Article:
France - Mali - Algeria

France mourns Mali crash victims

The crash site of Air Algerie flight AH5017, near the northern Mali town of Gossi, 24 July 2014.
The crash site of Air Algerie flight AH5017, near the northern Mali town of Gossi, 24 July 2014. Reuters/Burkina Faso Military

French flags flew at half-mast on Monday to mourn the 118 victims of the Air Algérie airplane tragedy. The black boxes from the crash will be handed over to the French authorities today.


President François Hollande held another crisis meeting on Monday morning with ministers at the presidency while the national flag flew at half-mast to mourn the victims, like on every other government building in the country.

France has taken the lead in the investigation and the black boxes are expected to be handed over to the French investigators later on Monday.

The flight data recorder and cockpit voice recorder were taken to Bamako from the crash site and sent to France on Sunday.

While the black boxes will be examined here in France, experts are still sifting through the remains of the aircraft in the Malian desert site of the accident.

"They will try to glean the maximum amount of information" said Rémi Jouty, head of France's Bureau of Investigations and Analyses agence (BEA). "Their work will take a few days", he added.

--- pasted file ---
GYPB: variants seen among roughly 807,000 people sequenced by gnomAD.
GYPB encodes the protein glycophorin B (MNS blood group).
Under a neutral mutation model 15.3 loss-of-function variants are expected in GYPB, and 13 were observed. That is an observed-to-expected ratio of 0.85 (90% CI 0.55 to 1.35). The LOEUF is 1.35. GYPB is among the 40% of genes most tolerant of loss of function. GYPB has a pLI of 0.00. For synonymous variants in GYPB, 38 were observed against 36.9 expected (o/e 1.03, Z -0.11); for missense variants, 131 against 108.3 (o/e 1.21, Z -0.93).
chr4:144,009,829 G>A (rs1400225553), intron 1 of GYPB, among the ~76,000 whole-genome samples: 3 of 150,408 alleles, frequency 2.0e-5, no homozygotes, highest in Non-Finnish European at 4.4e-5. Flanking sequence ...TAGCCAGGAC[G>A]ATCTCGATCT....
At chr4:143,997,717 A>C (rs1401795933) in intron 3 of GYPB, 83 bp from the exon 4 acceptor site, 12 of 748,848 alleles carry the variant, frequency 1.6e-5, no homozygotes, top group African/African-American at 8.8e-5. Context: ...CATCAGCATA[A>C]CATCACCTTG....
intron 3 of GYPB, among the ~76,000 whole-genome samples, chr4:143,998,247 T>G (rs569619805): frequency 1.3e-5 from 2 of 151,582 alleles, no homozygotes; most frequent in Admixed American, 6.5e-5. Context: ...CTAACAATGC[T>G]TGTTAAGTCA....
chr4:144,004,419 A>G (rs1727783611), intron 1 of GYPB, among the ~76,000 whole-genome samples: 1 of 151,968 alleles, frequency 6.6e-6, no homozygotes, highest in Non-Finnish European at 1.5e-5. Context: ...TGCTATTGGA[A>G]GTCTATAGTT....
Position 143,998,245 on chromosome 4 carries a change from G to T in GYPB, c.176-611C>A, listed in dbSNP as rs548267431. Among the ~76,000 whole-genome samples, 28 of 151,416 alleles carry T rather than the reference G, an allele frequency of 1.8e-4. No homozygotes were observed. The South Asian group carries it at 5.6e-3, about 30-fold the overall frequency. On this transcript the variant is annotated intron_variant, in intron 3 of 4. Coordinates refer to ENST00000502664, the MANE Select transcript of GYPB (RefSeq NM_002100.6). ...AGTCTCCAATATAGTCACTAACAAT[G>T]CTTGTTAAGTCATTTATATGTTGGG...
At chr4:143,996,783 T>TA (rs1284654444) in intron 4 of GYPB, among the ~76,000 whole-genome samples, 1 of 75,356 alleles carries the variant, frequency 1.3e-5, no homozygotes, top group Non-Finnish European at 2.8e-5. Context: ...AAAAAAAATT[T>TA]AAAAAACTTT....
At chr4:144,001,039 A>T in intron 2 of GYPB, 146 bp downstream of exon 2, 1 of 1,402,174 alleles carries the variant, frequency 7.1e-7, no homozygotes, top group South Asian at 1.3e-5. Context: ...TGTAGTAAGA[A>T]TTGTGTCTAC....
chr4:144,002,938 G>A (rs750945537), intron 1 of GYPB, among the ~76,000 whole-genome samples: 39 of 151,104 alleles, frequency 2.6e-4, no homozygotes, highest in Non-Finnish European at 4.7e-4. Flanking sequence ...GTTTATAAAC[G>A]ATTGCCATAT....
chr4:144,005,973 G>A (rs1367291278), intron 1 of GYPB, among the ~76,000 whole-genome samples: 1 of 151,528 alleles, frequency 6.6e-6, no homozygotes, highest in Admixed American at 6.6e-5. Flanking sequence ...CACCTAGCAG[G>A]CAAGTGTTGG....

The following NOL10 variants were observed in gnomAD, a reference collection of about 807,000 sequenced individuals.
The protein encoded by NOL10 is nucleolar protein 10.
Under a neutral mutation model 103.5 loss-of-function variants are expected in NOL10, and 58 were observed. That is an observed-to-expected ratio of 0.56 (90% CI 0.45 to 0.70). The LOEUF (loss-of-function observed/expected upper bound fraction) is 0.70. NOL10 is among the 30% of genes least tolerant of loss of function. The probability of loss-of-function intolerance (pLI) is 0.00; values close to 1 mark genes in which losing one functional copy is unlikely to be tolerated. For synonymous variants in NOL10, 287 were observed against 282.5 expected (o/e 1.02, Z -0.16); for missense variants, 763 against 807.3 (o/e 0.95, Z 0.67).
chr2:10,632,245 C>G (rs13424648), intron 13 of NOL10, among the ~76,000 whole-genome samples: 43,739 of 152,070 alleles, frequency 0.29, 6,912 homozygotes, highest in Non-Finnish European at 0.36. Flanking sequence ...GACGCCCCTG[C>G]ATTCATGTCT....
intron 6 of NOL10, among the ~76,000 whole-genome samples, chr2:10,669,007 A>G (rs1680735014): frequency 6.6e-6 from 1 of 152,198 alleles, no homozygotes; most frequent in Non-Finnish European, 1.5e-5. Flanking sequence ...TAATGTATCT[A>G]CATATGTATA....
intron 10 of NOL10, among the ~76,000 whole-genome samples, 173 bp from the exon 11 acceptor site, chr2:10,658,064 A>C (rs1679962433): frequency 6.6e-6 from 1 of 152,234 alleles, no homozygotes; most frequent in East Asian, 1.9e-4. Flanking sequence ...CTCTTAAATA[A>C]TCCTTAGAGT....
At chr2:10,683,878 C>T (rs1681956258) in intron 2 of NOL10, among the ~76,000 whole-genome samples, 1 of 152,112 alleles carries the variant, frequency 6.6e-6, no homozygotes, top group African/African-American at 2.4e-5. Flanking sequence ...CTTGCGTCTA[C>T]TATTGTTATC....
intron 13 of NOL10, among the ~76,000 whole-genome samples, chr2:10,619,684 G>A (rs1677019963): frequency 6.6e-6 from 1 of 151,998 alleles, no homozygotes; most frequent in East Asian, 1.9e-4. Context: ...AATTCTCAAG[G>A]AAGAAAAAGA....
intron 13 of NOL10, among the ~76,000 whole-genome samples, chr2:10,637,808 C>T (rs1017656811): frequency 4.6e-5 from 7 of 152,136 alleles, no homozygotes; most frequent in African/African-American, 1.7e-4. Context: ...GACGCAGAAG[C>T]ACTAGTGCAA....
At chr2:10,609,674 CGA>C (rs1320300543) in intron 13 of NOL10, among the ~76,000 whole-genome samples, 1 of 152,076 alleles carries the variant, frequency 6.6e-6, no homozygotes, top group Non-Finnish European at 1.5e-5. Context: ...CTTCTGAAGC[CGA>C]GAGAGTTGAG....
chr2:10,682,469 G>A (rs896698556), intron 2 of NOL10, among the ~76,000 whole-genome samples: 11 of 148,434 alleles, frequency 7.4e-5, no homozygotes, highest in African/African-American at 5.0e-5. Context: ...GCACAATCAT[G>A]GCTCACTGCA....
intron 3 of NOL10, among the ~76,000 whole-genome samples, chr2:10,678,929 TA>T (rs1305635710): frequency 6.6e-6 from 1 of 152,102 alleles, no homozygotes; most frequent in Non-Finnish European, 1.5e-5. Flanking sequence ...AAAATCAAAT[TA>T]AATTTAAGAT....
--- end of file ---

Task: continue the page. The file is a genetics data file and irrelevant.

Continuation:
Hollande said the bodies of all the passengers on the plane, and not just French nationals, will  be repatriated to France.

"We saw the impact of thecrash, with debris everywhere," said Mali's Transport Minister Hachim Koumare after a visit to the site. "At the moment we cannot speak about human remains", he added.

No one survived Thursday's tragedy.

France lost 54 of its nationals in the crash of the McDonnell Douglas 83.

The Air Algérie plane took off from Ouagadougou in Burkina Faso and was bound for Algiers when it crashed in northern Mali.

Bad weather forced the pilots to change their route and is blamed for the accident.

On Sunday Mali launched a judicial inquiry into the cause of the disaster, joining efforts from Paris and Ouagadougou.

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